Seized Crime Money To Fund Heroin Antidote Program In New York
ALBANY, N.Y. (CBSNewYork/AP) — As deaths from heroin and other opiate drugs rise throughout New York, state officials are planning to equip police with an antidote to reverse the effects of overdoses.
Attorney General Eric Schneiderman announced the Community Overdose Prevention program on Thursday, saying it will let every state and local law enforcement officer carry naloxone.
Heroin can numb the central nervous system and stop breathing. During an overdose, the drug naloxone blocks opioid receptors in the brain, WCBS 880’s Sean Adams reported.
Officers will be equipped with kits containing two syringes filled with naloxone — also marketed under the brand name Narcan — two inhalers of the drug, sterile gloves and a booklet on using the drug. The cost of the kit is roughly $60. Each has a shelf life of about two years.
“Putting this powerful antidote in the hands of every law enforcement agent in the state will save countless lives,” Schneiderman said. “It brings the victim back from the brink of death and buys more time to get to a hospital.”
Law enforcement officials say they will continue their battle against the heroin supply, but Nassau County District Attorney Kathleen Rice noted, “You cannot arrest your way out of a crisis like this. Heroin addiction is an epidemic.”
As CBS 2’s Carolyn Gusoff reported, heroin is becoming the drug of choice in wealthy suburbs, where painkillers costing more than $60 each lead addicted teens and young adults to cheaper, more accessible heroin, costing less than $10 a bag.
“I see people with money with this problem because they have the disposable income for the prescription drugs, and when that dries up, they go to heroin,” Kim Revere, president of the Kings Park In The Know Task Force, told Gusoff.
A Long Island mother, Angie Ruhry, said her son, Peter, was overdosing on heroin and was saved by the antidote.
“He did pass away since then, 18 months later, but those 18 months were a gift, anyone that’s lost a loved one knows that even one more day is a gift,” Ruhry said.
“He was an altar server, a lifeguard, co-captain of the varsity swim team,” she said. “He was the kid next door.”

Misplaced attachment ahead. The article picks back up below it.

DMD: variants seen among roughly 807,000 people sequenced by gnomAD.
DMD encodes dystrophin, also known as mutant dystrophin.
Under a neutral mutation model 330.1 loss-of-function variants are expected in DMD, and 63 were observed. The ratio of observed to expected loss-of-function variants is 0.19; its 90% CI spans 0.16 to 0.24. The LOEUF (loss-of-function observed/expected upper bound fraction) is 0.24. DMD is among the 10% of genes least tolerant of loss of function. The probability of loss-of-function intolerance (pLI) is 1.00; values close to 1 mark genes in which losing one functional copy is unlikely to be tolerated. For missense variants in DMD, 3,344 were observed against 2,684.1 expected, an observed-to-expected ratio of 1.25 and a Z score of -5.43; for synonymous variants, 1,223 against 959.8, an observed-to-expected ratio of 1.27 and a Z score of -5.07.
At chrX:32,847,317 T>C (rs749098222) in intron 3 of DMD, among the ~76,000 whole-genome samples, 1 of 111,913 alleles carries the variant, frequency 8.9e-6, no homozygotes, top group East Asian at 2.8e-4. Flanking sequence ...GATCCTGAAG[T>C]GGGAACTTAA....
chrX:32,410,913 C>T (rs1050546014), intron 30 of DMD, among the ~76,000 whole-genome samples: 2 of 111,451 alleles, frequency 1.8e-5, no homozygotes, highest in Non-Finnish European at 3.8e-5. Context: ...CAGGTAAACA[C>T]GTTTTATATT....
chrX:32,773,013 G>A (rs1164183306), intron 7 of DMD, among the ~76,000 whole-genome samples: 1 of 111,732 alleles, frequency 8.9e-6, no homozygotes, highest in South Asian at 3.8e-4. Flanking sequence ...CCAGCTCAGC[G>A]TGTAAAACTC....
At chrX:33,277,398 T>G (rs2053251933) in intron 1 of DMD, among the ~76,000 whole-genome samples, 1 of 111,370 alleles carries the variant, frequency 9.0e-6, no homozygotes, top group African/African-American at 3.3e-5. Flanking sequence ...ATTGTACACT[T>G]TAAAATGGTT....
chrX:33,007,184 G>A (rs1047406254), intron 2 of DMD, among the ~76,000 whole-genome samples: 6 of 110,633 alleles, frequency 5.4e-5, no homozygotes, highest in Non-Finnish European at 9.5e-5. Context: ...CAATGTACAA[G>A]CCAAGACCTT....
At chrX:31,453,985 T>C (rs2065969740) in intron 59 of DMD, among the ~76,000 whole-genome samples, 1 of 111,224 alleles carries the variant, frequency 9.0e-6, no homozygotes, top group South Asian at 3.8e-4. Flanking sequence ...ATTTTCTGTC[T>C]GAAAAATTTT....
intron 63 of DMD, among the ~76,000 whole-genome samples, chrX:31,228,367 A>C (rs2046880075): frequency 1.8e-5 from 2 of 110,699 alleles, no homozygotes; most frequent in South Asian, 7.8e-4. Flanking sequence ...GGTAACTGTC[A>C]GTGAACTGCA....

The federal Department of Justice reports that heroin overdose deaths increased by 45 percent between 2006 and 2010. The New York City Department of Health said fatal heroin-related overdoses increased by 84 percent between 2010 and 2012 after four years of decline.
In a pilot program since 2012, Suffolk County police and EMTs carrying naloxone have revived 184 overdose victims.
A 2009 New York High Intensity Drug Trafficking Area Report showed that heroin posed the greatest threat to upstate communities and was becoming the primary drug in the greater Albany area.
Rockland County Sheriff Louis Falco said prescription drug abuse has sparked a new heroin epidemic in the suburbs.
“It’s not the junkie in the alley anymore. It’s the valedictorian of the class; it’s the star athlete on the football team; it’s the good kid that sits down and eats dinner with his family every day,” Falco told Adams. “So it’s not what we perceive from the ’60s and ’70s.”
Gabriel Sayegh, director of the state Drug Policy Alliance, praised the program as “a huge step in the right direction.”
“I would hope that it sparks even more action on the part of the state,” Sayegh said, referring to a bill in the state Legislature that would expand access to naloxone. His organization advocates for a public health approach to drug abuse rather than relying on the criminal justice system.
Under the program, funded by $5 million of crime proceeds seized during federal and state criminal investigations, participating police departments or agencies can submit receipts for the cost of training and the kits to Schneiderman’s office and be fully reimbursed.
New York will be the first state to have a universal program, according to the attorney general’s office.
In 2010, the police department of Quincy, Mass., became the first department in the country to require officers to carry the drug.
Meanwhile, the federal government is also taking steps to fight heroin overdose deaths.
The Food and Drug Administration on Thursday approved an overdose antidote that doctors could prescribe for family members or caregivers to keep on hand, in a pocket or medicine cabinet. Called Evzio, it’s a device that automatically injects the right dose of naloxone. It will allow friends or loved ones treat someone they suspect has overdosed on heroin or powerful painkillers called opioids, while they’re waiting for medical care.
Teri Kroll, whose son, Timmy, was a heroin overdose victim, carries Narcan in her handbag — and has saved a life with it.
“To think something so simple that I carry with me on a daily basis can save a life? Oh my gosh,” she said.
Doctors say the drug has no detrimental effect if mistakenly given to someone who did not overdose on heroin.
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